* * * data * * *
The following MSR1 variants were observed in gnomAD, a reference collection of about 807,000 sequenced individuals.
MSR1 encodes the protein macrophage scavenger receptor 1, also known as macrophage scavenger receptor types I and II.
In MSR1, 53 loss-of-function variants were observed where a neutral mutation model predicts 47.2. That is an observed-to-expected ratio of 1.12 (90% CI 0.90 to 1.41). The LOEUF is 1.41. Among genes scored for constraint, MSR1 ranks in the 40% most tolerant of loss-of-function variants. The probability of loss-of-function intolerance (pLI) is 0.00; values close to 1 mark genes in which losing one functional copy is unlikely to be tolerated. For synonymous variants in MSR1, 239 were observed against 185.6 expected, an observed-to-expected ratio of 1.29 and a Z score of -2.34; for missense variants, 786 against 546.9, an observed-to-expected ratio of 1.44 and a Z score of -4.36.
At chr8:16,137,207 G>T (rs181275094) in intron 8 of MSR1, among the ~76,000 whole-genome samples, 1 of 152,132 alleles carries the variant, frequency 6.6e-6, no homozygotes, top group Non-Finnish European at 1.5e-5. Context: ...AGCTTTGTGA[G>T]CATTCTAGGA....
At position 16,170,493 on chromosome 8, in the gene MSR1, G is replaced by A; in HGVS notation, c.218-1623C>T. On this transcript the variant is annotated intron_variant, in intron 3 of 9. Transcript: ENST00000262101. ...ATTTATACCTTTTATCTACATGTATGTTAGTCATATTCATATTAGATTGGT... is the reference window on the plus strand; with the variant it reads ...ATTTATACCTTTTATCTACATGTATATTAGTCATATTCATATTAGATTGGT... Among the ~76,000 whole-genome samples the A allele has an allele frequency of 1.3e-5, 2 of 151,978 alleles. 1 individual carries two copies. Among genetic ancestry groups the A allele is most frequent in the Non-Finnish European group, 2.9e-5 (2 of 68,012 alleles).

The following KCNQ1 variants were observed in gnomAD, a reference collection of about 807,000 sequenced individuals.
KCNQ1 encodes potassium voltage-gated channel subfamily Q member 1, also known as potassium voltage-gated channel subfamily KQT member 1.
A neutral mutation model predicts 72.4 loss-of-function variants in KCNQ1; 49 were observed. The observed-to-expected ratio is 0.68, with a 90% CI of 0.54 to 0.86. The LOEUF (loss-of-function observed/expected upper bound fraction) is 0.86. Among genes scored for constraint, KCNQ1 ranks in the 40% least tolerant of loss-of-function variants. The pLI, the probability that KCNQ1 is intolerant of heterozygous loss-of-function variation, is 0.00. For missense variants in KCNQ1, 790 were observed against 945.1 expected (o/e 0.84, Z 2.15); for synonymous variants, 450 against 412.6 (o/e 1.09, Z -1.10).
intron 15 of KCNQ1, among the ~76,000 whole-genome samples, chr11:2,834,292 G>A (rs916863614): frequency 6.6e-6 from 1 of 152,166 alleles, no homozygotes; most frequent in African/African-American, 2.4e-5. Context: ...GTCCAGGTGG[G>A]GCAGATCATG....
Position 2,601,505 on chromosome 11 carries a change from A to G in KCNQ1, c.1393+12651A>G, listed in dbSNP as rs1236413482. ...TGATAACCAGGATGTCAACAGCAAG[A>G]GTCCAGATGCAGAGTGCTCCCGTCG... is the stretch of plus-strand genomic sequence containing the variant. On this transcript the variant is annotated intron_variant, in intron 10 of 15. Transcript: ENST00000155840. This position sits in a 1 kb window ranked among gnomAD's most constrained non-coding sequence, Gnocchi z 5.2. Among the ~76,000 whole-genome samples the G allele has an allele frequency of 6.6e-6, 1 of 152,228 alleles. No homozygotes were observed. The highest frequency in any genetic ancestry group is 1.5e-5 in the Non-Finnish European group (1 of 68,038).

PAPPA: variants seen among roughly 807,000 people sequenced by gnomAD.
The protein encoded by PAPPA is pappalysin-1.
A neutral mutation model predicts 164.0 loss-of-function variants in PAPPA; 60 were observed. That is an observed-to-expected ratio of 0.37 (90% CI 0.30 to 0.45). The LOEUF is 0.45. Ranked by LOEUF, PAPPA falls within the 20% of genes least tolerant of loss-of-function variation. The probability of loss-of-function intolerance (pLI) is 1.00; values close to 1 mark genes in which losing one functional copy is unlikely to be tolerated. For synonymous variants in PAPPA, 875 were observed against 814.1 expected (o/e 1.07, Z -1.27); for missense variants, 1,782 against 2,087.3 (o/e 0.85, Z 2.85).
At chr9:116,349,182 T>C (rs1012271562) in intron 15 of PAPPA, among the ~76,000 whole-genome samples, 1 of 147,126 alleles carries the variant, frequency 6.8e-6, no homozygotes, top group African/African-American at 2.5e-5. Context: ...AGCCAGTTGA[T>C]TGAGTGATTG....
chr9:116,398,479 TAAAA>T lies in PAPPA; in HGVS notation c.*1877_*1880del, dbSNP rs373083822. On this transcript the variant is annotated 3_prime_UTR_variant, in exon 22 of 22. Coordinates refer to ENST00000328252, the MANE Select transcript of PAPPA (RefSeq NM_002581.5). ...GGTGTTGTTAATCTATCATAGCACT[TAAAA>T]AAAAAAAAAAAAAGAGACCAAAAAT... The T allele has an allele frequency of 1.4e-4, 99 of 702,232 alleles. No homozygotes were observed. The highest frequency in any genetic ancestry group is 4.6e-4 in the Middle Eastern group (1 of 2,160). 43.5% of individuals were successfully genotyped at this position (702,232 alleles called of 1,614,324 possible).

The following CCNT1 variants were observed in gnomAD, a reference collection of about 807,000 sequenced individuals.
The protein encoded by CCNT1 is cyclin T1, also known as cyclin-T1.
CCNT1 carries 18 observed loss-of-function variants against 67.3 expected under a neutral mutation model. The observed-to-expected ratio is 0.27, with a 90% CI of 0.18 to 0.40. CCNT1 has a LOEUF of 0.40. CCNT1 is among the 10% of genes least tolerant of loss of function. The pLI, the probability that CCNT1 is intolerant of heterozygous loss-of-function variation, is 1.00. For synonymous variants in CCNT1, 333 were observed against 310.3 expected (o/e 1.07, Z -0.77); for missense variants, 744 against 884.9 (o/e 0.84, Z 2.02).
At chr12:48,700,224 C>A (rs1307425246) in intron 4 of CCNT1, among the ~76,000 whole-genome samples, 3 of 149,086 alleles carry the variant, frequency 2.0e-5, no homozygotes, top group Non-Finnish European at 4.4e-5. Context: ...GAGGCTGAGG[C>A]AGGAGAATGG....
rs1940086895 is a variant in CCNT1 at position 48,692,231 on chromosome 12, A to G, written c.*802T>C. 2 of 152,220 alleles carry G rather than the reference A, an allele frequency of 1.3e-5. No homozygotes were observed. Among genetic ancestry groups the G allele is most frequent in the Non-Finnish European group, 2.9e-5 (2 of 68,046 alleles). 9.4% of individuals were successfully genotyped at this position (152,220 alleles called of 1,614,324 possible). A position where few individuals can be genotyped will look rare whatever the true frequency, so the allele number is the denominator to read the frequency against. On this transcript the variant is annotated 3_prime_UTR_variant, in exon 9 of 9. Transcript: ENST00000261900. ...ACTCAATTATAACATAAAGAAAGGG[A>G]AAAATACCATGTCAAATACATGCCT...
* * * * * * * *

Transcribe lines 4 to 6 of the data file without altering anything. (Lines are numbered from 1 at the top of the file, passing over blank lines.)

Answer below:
At chr8:16,137,207 G>T (rs181275094) in intron 8 of MSR1, among the ~76,000 whole-genome samples, 1 of 152,132 alleles carries the variant, frequency 6.6e-6, no homozygotes, top group Non-Finnish European at 1.5e-5. Context: ...AGCTTTGTGA[G>T]CATTCTAGGA....
At position 16,170,493 on chromosome 8, in the gene MSR1, G is replaced by A; in HGVS notation, c.218-1623C>T. On this transcript the variant is annotated intron_variant, in intron 3 of 9. Transcript: ENST00000262101. ...ATTTATACCTTTTATCTACATGTATGTTAGTCATATTCATATTAGATTGGT... is the reference window on the plus strand; with the variant it reads ...ATTTATACCTTTTATCTACATGTATATTAGTCATATTCATATTAGATTGGT... Among the ~76,000 whole-genome samples the A allele has an allele frequency of 1.3e-5, 2 of 151,978 alleles. 1 individual carries two copies. Among genetic ancestry groups the A allele is most frequent in the Non-Finnish European group, 2.9e-5 (2 of 68,012 alleles).

The following KCNQ1 variants were observed in gnomAD, a reference collection of about 807,000 sequenced individuals.